‘Eavesdropping’ series a semi-finalist for Goldsmith Prize

Investigation finished in top 30 for Harvard Kennedy School award.
A photo of the exterior of the Androscoggin County Jail with an overlayed logo for the Goldsmith Awards and The Maine Monitor newsroom. Overlayed text reads Eavesdropping in Maine Jails. Semi-finalist. Goldsmith Prize for Investigative Reporting.
The award honors the best public service investigative journalism that has made an impact on public policy.

An investigative series by Samantha Hogan, the government accountability reporter for The Maine Monitor, has been named one of 24 semi-finalists for the Goldsmith Prize for Investigative Reporting.

The annual award, presented by the Shorenstein Center on Media, Politics and Public Policy at the Harvard Kennedy School, honors the best public service investigative journalism that has made an impact on local, state, or federal public policy or the practice of politics in the U.S. 

Hogan’s “Eavesdropping in Maine Jails” series revealed that six Maine county jails recorded nearly 1,000 private attorney-client calls in a single year and some of the recordings were shared with police and prosecutors before trial. The Monitor has continued its reporting as state lawmakers and Securus Technologies, the phone provider for 14 of 15 jails in Maine, have proposed changes to prevent private phone calls from being recorded in the future. 

Because of the Monitor’s series, lawmakers are set to weigh recommendations from a study group aimed at preventing Maine jails and prisons from recording attorney-client phone calls and to improve prisoners’ confidential access to lawyers. 

During the course of 2½ years of reporting, Hogan made 100 public record requests to county sheriff’s offices to collect records about the state’s 15 jails’ contracts, policies, revenue, usernames, call logs and recording access reports with the facilities’ private phone vendors. 

She compiled the call records into a searchable database, which the Monitor made available for free online so the public could search to see if their attorney-client phone calls were recorded.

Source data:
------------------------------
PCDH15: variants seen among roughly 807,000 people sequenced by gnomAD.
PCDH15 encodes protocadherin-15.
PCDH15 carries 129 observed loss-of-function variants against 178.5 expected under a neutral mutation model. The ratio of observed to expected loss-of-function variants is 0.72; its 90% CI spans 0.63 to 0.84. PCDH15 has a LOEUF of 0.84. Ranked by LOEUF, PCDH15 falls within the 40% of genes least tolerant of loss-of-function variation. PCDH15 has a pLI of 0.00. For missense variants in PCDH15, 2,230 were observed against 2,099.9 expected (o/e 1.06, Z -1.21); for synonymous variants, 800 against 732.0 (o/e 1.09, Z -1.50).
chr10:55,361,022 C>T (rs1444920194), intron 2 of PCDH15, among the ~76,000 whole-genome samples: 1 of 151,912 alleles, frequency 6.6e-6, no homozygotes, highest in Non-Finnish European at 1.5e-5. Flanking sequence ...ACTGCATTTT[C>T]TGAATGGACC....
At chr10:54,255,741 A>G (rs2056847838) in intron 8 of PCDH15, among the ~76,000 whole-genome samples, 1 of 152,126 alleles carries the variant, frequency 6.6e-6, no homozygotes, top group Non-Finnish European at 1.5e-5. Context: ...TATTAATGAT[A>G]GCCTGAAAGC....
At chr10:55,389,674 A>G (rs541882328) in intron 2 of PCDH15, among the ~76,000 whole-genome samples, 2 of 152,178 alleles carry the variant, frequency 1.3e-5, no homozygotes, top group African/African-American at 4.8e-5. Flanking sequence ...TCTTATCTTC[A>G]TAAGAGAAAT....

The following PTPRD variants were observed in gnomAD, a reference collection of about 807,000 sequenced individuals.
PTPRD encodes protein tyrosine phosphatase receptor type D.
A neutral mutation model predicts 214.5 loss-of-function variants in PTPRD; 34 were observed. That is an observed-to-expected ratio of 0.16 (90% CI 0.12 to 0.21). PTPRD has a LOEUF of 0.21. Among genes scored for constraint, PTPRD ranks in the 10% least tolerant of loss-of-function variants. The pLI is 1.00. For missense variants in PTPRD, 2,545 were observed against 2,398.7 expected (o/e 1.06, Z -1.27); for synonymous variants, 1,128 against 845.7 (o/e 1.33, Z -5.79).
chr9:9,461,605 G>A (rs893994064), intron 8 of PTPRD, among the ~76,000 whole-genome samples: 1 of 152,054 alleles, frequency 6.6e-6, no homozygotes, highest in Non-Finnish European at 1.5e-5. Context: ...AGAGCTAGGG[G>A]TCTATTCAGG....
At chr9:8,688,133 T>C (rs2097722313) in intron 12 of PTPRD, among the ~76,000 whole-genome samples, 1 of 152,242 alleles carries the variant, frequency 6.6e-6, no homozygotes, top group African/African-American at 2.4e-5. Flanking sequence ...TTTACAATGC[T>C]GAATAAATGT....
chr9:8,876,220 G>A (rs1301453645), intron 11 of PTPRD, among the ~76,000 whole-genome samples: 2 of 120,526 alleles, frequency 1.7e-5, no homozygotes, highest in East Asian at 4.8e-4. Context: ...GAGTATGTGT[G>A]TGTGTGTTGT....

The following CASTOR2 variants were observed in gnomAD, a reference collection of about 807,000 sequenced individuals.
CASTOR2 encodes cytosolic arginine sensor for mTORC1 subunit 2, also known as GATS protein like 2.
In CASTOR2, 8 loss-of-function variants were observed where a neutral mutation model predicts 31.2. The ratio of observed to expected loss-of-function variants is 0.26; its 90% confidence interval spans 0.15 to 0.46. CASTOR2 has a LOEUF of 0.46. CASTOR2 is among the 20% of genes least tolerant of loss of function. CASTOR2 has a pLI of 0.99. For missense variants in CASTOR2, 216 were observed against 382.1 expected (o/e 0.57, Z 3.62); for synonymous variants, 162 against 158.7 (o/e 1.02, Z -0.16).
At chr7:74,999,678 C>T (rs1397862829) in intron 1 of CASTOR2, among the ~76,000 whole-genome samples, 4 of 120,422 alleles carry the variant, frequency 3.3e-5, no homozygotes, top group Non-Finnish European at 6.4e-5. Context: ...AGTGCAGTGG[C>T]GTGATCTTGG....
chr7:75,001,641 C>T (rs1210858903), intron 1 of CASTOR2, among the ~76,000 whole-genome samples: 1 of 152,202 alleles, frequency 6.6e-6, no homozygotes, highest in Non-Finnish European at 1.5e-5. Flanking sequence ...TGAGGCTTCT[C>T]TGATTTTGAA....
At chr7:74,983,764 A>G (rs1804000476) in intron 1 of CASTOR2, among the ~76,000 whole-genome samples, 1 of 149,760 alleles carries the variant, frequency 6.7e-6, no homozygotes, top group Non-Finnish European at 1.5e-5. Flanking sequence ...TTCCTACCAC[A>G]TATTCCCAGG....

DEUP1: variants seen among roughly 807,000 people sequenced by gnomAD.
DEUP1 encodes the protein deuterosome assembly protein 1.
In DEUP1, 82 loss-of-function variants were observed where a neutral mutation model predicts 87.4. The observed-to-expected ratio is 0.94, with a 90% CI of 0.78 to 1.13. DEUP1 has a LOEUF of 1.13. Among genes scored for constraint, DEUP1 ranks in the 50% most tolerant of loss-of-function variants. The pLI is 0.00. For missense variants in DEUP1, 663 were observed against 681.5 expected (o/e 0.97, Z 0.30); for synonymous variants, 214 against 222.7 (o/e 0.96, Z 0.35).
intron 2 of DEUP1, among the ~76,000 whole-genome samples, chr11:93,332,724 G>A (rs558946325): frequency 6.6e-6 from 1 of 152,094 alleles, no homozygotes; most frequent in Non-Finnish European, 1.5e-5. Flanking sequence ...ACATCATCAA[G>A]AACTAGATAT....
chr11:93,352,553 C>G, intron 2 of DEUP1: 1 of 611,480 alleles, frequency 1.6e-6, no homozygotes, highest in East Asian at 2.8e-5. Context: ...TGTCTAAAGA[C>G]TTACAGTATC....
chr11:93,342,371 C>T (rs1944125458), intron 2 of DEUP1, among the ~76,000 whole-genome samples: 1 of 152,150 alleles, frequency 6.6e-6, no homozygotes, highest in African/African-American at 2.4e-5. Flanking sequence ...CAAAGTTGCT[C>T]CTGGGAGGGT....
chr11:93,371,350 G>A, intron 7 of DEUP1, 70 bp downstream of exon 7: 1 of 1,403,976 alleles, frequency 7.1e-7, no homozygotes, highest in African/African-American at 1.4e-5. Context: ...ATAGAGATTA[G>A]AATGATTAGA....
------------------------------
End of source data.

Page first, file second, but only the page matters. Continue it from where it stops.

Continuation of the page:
Hogan, a Report for America corps member since 2019, received support for her series from the International Women’s Media Foundation, the Pulitzer Center and the Investigative Editing Corps

The six finalists for this year’s Goldsmith Prize hail from the New York Times, Associated Press, Philadelphia Inquirer, Floodlight in a partnership with NPR, Mississippi Today, and Reuters. 

Other semi-finalist newsrooms included the New York Times; Washington Post; Politico; ABC News in collaboration with Hulu; USA Today; Los Angeles Times; New Yorker in collaboration with ProPublica; Bloomberg; Associated Press, Reuters; Atlanta Journal-Constitution; Austin American-Statesman; Chicago Tribune in collaboration with ProPublica; Courier Journal; Sun Sentinel; Open Vallejo in collaboration with ProPublica; Columbia Journalism Investigations in collaboration with Center for Public Integrity and Type Investigations; New Bedford Light in collaboration with ProPublica; STAT; a collaboration between WBUR, The Boston Globe, NPR, and New England News Collaborative; International Consortium of Investigative Journalists in collaboration with ProPublica; and KARE-TV.

The two dozen semi-finalists and six finalists were chosen from nearly 150 investigations evaluated by the judging committee.

Read the full Monitor investigation: Eavesdropping in Maine Jails

Readers can support the investigative work by Hogan and the Monitor’s other reporters by making a donation.

Sign up to receive the Sunday Monitor newsletter, sent weekly, to stay updated on the Monitor’s coverage, including developments in the ‘Eavesdropping’ series. 


The Maine Monitor

The Maine Monitor is a nonprofit, nonpartisan news service of the Maine Center for Public Interest Reporting that holds Maine state government and institutions accountable. Our team of investigative journalists use data- and document-based reporting to produce stories that have an impact.
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